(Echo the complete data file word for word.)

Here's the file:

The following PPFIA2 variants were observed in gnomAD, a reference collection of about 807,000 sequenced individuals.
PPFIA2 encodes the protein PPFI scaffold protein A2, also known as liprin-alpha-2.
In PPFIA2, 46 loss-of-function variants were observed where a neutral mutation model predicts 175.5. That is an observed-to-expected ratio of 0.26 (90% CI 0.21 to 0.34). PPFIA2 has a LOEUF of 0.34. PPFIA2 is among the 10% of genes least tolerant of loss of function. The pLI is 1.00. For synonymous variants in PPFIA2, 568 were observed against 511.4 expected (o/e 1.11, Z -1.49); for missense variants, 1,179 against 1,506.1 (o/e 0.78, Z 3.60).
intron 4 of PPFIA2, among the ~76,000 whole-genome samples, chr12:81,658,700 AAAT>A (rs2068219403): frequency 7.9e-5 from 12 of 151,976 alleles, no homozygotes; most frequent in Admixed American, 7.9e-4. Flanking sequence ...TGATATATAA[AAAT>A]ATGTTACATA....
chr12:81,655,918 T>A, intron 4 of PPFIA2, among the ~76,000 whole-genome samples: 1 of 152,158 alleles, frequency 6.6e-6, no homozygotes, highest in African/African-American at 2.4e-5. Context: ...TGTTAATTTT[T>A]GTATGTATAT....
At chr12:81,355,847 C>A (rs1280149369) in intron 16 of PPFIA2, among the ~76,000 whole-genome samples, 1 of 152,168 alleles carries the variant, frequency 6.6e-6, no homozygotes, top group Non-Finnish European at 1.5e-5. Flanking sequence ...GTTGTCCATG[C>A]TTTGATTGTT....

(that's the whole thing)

The following PPFIA2 variants were observed in gnomAD, a reference collection of about 807,000 sequenced individuals.
PPFIA2 encodes the protein PPFI scaffold protein A2, also known as liprin-alpha-2.
In PPFIA2, 46 loss-of-function variants were observed where a neutral mutation model predicts 175.5. That is an observed-to-expected ratio of 0.26 (90% CI 0.21 to 0.34). PPFIA2 has a LOEUF of 0.34. PPFIA2 is among the 10% of genes least tolerant of loss of function. The pLI is 1.00. For synonymous variants in PPFIA2, 568 were observed against 511.4 expected (o/e 1.11, Z -1.49); for missense variants, 1,179 against 1,506.1 (o/e 0.78, Z 3.60).
intron 4 of PPFIA2, among the ~76,000 whole-genome samples, chr12:81,658,700 AAAT>A (rs2068219403): frequency 7.9e-5 from 12 of 151,976 alleles, no homozygotes; most frequent in Admixed American, 7.9e-4. Flanking sequence ...TGATATATAA[AAAT>A]ATGTTACATA....
chr12:81,655,918 T>A, intron 4 of PPFIA2, among the ~76,000 whole-genome samples: 1 of 152,158 alleles, frequency 6.6e-6, no homozygotes, highest in African/African-American at 2.4e-5. Context: ...TGTTAATTTT[T>A]GTATGTATAT....
At chr12:81,355,847 C>A (rs1280149369) in intron 16 of PPFIA2, among the ~76,000 whole-genome samples, 1 of 152,168 alleles carries the variant, frequency 6.6e-6, no homozygotes, top group Non-Finnish European at 1.5e-5. Flanking sequence ...GTTGTCCATG[C>A]TTTGATTGTT....